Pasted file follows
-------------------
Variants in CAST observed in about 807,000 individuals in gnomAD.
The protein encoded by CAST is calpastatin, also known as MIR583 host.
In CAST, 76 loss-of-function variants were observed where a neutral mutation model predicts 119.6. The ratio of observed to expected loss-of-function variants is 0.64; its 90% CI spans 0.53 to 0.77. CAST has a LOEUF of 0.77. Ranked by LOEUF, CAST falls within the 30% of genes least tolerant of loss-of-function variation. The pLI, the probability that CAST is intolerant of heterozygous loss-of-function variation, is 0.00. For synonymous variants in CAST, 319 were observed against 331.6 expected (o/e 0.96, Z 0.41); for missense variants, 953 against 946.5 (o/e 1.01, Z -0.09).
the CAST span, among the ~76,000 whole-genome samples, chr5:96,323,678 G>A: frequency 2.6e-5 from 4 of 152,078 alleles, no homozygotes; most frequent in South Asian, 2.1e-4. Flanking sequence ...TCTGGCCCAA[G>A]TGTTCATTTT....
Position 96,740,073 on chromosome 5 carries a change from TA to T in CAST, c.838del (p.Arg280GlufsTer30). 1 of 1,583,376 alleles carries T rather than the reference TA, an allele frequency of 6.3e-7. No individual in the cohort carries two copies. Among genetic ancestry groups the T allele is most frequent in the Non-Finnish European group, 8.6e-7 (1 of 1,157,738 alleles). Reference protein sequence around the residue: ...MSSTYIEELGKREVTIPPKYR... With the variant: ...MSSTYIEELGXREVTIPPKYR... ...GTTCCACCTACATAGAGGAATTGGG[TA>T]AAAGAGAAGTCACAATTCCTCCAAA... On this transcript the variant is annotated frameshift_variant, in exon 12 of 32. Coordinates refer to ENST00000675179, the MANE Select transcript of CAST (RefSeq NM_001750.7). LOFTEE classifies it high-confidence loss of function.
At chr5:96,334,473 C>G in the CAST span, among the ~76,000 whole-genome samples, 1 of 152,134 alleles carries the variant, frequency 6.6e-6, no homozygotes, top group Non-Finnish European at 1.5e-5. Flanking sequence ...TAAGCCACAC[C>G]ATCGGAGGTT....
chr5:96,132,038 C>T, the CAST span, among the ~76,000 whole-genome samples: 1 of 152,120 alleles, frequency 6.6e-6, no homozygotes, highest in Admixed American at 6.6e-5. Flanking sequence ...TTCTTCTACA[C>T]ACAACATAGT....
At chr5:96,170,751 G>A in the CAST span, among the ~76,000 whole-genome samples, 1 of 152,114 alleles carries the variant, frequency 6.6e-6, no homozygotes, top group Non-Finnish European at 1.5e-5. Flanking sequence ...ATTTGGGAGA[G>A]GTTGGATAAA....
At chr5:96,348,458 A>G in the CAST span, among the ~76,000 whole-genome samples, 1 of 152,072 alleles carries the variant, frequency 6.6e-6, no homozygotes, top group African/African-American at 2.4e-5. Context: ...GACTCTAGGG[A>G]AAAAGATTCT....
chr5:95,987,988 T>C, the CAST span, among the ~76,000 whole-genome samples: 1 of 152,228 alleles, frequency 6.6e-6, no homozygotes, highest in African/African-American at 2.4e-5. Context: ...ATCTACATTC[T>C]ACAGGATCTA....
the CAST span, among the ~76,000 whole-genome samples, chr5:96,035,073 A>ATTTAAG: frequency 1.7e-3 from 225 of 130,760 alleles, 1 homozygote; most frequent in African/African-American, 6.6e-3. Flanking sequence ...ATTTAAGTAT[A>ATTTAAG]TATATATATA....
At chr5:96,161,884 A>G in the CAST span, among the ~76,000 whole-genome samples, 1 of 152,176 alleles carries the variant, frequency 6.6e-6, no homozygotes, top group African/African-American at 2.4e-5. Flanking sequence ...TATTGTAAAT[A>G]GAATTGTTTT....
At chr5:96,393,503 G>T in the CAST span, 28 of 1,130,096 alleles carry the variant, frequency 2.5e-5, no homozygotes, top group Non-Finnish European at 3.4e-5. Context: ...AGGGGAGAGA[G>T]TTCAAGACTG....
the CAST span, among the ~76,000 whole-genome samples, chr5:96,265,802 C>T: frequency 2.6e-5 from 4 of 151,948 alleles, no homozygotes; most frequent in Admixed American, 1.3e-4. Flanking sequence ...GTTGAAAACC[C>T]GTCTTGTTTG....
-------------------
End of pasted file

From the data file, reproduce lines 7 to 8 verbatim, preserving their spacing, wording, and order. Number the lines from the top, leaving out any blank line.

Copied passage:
chr5:96,132,038 C>T, the CAST span, among the ~76,000 whole-genome samples: 1 of 152,120 alleles, frequency 6.6e-6, no homozygotes, highest in Admixed American at 6.6e-5. Flanking sequence ...TTCTTCTACA[C>T]ACAACATAGT....
At chr5:96,170,751 G>A in the CAST span, among the ~76,000 whole-genome samples, 1 of 152,114 alleles carries the variant, frequency 6.6e-6, no homozygotes, top group Non-Finnish European at 1.5e-5. Flanking sequence ...ATTTGGGAGA[G>A]GTTGGATAAA....